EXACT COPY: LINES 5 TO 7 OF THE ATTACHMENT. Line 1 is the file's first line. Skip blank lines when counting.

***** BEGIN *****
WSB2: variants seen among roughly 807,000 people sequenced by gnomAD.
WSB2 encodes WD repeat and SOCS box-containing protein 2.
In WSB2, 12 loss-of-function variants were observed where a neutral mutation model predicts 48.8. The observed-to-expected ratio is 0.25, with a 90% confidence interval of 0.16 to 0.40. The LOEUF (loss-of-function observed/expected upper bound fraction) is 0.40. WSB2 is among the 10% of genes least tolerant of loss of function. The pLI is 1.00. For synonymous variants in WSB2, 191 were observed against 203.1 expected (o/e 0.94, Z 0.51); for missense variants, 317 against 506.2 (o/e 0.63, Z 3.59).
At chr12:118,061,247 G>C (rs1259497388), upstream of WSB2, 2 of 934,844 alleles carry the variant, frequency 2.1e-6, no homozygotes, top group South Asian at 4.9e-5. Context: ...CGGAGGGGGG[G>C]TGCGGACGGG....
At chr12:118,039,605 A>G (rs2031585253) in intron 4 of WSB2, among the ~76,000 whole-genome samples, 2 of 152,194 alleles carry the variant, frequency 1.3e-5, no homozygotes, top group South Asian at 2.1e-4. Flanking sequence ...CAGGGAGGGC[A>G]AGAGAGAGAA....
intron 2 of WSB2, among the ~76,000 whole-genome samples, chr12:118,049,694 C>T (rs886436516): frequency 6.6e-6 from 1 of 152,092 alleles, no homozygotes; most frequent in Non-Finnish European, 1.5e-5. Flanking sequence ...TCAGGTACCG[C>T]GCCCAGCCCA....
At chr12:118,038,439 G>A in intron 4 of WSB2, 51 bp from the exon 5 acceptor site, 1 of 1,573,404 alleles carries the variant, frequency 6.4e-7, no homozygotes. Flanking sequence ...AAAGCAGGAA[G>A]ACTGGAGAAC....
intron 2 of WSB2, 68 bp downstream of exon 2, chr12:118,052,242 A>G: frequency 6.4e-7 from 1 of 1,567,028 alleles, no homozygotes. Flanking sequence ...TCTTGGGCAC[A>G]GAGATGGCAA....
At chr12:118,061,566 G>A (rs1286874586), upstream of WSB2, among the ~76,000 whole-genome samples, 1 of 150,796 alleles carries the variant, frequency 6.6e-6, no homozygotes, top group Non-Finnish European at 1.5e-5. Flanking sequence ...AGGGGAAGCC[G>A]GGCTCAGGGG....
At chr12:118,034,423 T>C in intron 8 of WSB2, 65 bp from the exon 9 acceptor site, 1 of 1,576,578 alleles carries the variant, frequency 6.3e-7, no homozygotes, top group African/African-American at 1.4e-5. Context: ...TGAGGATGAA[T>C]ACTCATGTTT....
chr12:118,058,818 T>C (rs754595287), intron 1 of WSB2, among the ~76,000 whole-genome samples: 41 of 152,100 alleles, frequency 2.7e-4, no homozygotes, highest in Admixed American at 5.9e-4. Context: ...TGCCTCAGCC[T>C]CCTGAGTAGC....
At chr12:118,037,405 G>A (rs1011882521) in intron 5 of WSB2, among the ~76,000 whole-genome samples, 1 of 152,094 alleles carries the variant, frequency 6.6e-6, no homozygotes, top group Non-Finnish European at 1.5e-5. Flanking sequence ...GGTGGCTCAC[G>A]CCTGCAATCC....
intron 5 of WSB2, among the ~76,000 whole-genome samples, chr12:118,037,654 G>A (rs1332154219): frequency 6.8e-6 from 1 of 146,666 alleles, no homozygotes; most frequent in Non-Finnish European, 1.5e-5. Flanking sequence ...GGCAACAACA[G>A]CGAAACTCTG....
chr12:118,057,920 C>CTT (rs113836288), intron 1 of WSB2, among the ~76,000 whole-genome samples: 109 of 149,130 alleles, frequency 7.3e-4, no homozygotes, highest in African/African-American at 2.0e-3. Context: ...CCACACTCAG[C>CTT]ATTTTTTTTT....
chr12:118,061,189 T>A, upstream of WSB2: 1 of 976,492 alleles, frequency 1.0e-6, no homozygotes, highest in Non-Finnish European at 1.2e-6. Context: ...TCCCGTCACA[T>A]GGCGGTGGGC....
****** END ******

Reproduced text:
At chr12:118,039,605 A>G (rs2031585253) in intron 4 of WSB2, among the ~76,000 whole-genome samples, 2 of 152,194 alleles carry the variant, frequency 1.3e-5, no homozygotes, top group South Asian at 2.1e-4. Flanking sequence ...CAGGGAGGGC[A>G]AGAGAGAGAA....
intron 2 of WSB2, among the ~76,000 whole-genome samples, chr12:118,049,694 C>T (rs886436516): frequency 6.6e-6 from 1 of 152,092 alleles, no homozygotes; most frequent in Non-Finnish European, 1.5e-5. Flanking sequence ...TCAGGTACCG[C>T]GCCCAGCCCA....
At chr12:118,038,439 G>A in intron 4 of WSB2, 51 bp from the exon 5 acceptor site, 1 of 1,573,404 alleles carries the variant, frequency 6.4e-7, no homozygotes. Flanking sequence ...AAAGCAGGAA[G>A]ACTGGAGAAC....